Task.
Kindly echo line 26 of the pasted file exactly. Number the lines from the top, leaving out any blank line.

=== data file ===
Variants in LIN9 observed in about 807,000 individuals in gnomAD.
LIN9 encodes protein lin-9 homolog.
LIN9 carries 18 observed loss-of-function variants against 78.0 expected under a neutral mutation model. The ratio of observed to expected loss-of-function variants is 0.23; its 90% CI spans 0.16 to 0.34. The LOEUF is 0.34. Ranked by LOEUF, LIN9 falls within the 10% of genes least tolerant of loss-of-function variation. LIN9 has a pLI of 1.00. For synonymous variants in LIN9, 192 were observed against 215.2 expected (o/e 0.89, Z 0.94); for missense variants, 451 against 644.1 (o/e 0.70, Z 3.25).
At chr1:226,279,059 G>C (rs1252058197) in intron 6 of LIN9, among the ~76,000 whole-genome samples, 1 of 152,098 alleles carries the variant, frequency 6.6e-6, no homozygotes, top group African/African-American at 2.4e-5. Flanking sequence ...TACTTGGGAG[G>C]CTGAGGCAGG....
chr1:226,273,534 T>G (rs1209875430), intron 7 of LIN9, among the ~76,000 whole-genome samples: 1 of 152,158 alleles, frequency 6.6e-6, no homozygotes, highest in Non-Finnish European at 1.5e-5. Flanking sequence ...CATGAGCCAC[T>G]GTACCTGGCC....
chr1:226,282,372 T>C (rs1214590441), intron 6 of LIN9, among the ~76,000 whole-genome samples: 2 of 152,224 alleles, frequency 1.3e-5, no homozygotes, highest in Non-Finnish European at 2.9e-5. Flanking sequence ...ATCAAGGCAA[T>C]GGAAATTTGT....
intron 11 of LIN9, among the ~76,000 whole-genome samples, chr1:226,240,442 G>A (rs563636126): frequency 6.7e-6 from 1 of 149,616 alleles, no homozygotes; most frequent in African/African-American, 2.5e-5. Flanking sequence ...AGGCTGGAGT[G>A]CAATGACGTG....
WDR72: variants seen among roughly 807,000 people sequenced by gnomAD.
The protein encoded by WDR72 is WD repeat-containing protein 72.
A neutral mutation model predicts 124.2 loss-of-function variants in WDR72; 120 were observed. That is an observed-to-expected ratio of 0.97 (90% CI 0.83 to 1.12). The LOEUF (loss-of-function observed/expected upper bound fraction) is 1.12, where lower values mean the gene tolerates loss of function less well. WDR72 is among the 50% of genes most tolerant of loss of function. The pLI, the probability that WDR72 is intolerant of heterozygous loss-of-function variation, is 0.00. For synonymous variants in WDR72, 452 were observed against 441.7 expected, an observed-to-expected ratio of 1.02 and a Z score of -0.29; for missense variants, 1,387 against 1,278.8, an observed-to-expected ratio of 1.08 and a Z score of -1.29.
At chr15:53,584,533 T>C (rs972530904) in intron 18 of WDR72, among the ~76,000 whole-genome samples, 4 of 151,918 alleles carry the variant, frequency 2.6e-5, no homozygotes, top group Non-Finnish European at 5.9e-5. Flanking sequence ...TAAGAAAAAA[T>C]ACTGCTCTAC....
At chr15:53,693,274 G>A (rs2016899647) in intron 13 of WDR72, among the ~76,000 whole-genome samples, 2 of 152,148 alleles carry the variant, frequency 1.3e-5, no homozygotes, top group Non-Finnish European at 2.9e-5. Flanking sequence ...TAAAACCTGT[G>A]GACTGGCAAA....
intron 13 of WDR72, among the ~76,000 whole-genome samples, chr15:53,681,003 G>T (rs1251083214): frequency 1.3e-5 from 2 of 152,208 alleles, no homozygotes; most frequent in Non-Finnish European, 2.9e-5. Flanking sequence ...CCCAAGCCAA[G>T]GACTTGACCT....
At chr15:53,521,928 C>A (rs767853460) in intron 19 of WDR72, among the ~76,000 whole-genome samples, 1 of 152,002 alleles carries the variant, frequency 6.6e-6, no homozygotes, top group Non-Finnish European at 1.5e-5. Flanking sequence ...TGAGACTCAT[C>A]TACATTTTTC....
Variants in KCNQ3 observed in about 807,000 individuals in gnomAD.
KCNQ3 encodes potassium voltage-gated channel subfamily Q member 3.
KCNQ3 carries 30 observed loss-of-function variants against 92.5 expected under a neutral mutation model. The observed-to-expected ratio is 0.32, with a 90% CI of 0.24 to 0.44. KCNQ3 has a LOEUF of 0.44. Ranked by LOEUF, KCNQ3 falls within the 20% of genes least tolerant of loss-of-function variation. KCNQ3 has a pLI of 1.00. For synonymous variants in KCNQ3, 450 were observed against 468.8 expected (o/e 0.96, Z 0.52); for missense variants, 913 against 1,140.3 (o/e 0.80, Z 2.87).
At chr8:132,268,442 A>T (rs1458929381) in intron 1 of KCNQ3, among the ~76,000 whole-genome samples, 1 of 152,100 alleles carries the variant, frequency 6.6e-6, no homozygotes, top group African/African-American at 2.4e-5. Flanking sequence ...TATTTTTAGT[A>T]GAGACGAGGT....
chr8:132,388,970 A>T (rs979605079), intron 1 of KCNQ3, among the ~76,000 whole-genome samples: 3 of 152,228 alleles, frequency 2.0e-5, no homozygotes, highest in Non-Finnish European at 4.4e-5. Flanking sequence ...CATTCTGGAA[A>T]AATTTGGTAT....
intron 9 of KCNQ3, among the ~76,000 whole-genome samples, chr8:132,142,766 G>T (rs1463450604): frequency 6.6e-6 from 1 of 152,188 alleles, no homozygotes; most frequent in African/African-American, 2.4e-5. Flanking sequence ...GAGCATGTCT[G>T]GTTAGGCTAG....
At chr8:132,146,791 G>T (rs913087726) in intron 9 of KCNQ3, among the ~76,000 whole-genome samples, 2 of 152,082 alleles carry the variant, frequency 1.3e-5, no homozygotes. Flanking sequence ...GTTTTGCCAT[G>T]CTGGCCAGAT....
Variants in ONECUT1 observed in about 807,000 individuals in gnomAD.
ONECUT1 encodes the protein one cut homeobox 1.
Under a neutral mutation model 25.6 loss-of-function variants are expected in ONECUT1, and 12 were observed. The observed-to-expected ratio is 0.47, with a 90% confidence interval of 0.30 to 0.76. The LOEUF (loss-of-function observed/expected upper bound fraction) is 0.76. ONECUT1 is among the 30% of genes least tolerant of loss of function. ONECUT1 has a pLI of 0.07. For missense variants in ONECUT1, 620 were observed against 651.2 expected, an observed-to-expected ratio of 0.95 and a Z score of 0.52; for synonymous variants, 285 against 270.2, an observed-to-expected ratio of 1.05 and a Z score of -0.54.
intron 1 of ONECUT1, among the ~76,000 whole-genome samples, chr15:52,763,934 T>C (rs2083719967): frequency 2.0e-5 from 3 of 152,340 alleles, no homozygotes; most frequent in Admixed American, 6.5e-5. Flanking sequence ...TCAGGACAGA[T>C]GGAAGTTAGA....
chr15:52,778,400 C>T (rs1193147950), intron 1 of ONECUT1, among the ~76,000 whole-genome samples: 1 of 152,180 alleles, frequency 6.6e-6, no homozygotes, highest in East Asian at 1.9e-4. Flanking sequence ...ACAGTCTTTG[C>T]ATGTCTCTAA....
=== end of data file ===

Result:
chr15:52,778,400 C>T (rs1193147950), intron 1 of ONECUT1, among the ~76,000 whole-genome samples: 1 of 152,180 alleles, frequency 6.6e-6, no homozygotes, highest in East Asian at 1.9e-4. Flanking sequence ...ACAGTCTTTG[C>T]ATGTCTCTAA....